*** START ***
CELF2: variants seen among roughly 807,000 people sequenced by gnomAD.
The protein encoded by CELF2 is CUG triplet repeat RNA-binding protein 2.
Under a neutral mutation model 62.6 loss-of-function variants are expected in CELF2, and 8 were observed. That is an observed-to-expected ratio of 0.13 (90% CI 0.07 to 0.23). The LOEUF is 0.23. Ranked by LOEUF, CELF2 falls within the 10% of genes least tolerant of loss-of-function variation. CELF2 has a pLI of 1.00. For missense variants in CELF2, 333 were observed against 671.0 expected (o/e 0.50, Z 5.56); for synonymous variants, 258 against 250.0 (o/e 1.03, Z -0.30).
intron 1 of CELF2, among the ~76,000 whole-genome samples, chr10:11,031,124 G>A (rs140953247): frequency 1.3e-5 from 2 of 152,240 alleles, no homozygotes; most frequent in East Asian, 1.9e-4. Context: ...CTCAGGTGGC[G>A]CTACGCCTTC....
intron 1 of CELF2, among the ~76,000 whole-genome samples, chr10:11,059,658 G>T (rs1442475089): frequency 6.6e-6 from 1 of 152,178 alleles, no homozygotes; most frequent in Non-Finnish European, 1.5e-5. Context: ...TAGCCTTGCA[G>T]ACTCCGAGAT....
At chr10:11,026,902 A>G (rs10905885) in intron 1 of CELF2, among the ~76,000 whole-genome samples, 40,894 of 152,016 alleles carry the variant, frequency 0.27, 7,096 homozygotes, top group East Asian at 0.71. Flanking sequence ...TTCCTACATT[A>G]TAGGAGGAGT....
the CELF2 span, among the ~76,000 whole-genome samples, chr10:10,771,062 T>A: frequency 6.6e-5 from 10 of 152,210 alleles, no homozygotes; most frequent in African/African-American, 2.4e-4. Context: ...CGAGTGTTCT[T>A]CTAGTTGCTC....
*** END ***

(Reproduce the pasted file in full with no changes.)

CELF2: variants seen among roughly 807,000 people sequenced by gnomAD.
The protein encoded by CELF2 is CUG triplet repeat RNA-binding protein 2.
Under a neutral mutation model 62.6 loss-of-function variants are expected in CELF2, and 8 were observed. That is an observed-to-expected ratio of 0.13 (90% CI 0.07 to 0.23). The LOEUF is 0.23. Ranked by LOEUF, CELF2 falls within the 10% of genes least tolerant of loss-of-function variation. CELF2 has a pLI of 1.00. For missense variants in CELF2, 333 were observed against 671.0 expected (o/e 0.50, Z 5.56); for synonymous variants, 258 against 250.0 (o/e 1.03, Z -0.30).
intron 1 of CELF2, among the ~76,000 whole-genome samples, chr10:11,031,124 G>A (rs140953247): frequency 1.3e-5 from 2 of 152,240 alleles, no homozygotes; most frequent in East Asian, 1.9e-4. Context: ...CTCAGGTGGC[G>A]CTACGCCTTC....
intron 1 of CELF2, among the ~76,000 whole-genome samples, chr10:11,059,658 G>T (rs1442475089): frequency 6.6e-6 from 1 of 152,178 alleles, no homozygotes; most frequent in Non-Finnish European, 1.5e-5. Context: ...TAGCCTTGCA[G>T]ACTCCGAGAT....
At chr10:11,026,902 A>G (rs10905885) in intron 1 of CELF2, among the ~76,000 whole-genome samples, 40,894 of 152,016 alleles carry the variant, frequency 0.27, 7,096 homozygotes, top group East Asian at 0.71. Flanking sequence ...TTCCTACATT[A>G]TAGGAGGAGT....
the CELF2 span, among the ~76,000 whole-genome samples, chr10:10,771,062 T>A: frequency 6.6e-5 from 10 of 152,210 alleles, no homozygotes; most frequent in African/African-American, 2.4e-4. Context: ...CGAGTGTTCT[T>A]CTAGTTGCTC....